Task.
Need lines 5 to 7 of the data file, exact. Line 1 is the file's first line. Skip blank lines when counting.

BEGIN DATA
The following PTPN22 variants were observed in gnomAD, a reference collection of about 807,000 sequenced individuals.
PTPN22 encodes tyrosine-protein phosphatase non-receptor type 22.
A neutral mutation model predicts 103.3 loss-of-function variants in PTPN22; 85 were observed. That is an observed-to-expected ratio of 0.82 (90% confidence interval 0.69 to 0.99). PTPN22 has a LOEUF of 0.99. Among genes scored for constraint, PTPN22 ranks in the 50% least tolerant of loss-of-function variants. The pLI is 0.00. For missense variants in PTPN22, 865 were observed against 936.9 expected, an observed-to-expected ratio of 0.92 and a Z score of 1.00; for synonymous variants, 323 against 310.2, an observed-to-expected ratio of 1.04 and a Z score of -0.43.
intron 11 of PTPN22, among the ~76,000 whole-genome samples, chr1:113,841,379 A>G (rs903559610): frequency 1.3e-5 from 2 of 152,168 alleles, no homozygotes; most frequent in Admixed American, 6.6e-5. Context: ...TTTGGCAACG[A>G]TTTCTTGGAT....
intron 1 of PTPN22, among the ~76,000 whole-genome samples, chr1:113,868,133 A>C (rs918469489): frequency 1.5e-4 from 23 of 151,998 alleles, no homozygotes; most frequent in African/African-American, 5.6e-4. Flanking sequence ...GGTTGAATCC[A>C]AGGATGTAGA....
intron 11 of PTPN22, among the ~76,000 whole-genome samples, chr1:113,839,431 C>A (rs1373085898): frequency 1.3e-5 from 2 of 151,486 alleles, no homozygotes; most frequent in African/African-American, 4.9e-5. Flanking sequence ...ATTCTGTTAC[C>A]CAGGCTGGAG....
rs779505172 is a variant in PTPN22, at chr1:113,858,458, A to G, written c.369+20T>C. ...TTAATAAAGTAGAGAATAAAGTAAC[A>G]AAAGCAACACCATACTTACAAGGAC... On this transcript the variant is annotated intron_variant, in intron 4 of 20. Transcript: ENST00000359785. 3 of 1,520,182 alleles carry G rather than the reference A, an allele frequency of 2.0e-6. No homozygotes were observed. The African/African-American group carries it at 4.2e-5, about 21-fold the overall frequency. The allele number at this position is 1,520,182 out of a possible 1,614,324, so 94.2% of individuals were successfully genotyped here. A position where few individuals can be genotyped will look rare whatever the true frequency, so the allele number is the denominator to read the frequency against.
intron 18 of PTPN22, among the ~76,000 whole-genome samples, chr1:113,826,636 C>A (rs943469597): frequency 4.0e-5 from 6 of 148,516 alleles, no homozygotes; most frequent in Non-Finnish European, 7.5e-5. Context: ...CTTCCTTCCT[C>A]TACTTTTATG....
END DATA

intron 1 of PTPN22, among the ~76,000 whole-genome samples, chr1:113,868,133 A>C (rs918469489): frequency 1.5e-4 from 23 of 151,998 alleles, no homozygotes; most frequent in African/African-American, 5.6e-4. Flanking sequence ...GGTTGAATCC[A>C]AGGATGTAGA....
intron 11 of PTPN22, among the ~76,000 whole-genome samples, chr1:113,839,431 C>A (rs1373085898): frequency 1.3e-5 from 2 of 151,486 alleles, no homozygotes; most frequent in African/African-American, 4.9e-5. Flanking sequence ...ATTCTGTTAC[C>A]CAGGCTGGAG....
rs779505172 is a variant in PTPN22, at chr1:113,858,458, A to G, written c.369+20T>C. ...TTAATAAAGTAGAGAATAAAGTAAC[A>G]AAAGCAACACCATACTTACAAGGAC... On this transcript the variant is annotated intron_variant, in intron 4 of 20. Transcript: ENST00000359785. 3 of 1,520,182 alleles carry G rather than the reference A, an allele frequency of 2.0e-6. No homozygotes were observed. The African/African-American group carries it at 4.2e-5, about 21-fold the overall frequency. The allele number at this position is 1,520,182 out of a possible 1,614,324, so 94.2% of individuals were successfully genotyped here. A position where few individuals can be genotyped will look rare whatever the true frequency, so the allele number is the denominator to read the frequency against.